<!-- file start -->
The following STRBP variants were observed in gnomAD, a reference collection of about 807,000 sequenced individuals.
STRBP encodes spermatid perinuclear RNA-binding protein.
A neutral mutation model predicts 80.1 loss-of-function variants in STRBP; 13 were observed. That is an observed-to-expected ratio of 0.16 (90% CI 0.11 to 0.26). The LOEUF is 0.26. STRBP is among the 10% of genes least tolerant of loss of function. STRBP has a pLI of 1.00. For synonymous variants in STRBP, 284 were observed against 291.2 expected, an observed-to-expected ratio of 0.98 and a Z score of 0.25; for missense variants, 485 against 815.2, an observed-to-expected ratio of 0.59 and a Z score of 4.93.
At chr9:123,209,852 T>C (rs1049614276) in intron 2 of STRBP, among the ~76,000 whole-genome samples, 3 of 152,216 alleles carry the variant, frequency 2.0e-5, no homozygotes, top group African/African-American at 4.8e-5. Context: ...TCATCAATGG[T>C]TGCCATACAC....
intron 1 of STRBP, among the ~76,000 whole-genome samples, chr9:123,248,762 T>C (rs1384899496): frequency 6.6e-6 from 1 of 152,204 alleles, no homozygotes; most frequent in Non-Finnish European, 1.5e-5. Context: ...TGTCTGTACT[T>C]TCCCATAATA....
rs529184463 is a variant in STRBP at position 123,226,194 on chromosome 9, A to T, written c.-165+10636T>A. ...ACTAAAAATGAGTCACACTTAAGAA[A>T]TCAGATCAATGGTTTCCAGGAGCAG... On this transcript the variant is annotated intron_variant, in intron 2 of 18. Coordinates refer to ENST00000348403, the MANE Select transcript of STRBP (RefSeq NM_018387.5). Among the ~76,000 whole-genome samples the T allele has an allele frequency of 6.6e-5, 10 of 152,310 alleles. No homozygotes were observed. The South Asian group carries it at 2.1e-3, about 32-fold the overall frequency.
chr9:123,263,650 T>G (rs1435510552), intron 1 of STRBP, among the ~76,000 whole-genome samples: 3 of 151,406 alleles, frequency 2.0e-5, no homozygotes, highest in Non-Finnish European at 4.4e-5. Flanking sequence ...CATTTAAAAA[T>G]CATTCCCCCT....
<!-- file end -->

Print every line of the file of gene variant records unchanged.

The following STRBP variants were observed in gnomAD, a reference collection of about 807,000 sequenced individuals.
STRBP encodes spermatid perinuclear RNA-binding protein.
A neutral mutation model predicts 80.1 loss-of-function variants in STRBP; 13 were observed. That is an observed-to-expected ratio of 0.16 (90% CI 0.11 to 0.26). The LOEUF is 0.26. STRBP is among the 10% of genes least tolerant of loss of function. STRBP has a pLI of 1.00. For synonymous variants in STRBP, 284 were observed against 291.2 expected, an observed-to-expected ratio of 0.98 and a Z score of 0.25; for missense variants, 485 against 815.2, an observed-to-expected ratio of 0.59 and a Z score of 4.93.
At chr9:123,209,852 T>C (rs1049614276) in intron 2 of STRBP, among the ~76,000 whole-genome samples, 3 of 152,216 alleles carry the variant, frequency 2.0e-5, no homozygotes, top group African/African-American at 4.8e-5. Context: ...TCATCAATGG[T>C]TGCCATACAC....
intron 1 of STRBP, among the ~76,000 whole-genome samples, chr9:123,248,762 T>C (rs1384899496): frequency 6.6e-6 from 1 of 152,204 alleles, no homozygotes; most frequent in Non-Finnish European, 1.5e-5. Context: ...TGTCTGTACT[T>C]TCCCATAATA....
rs529184463 is a variant in STRBP at position 123,226,194 on chromosome 9, A to T, written c.-165+10636T>A. ...ACTAAAAATGAGTCACACTTAAGAA[A>T]TCAGATCAATGGTTTCCAGGAGCAG... On this transcript the variant is annotated intron_variant, in intron 2 of 18. Coordinates refer to ENST00000348403, the MANE Select transcript of STRBP (RefSeq NM_018387.5). Among the ~76,000 whole-genome samples the T allele has an allele frequency of 6.6e-5, 10 of 152,310 alleles. No homozygotes were observed. The South Asian group carries it at 2.1e-3, about 32-fold the overall frequency.
chr9:123,263,650 T>G (rs1435510552), intron 1 of STRBP, among the ~76,000 whole-genome samples: 3 of 151,406 alleles, frequency 2.0e-5, no homozygotes, highest in Non-Finnish European at 4.4e-5. Flanking sequence ...CATTTAAAAA[T>G]CATTCCCCCT....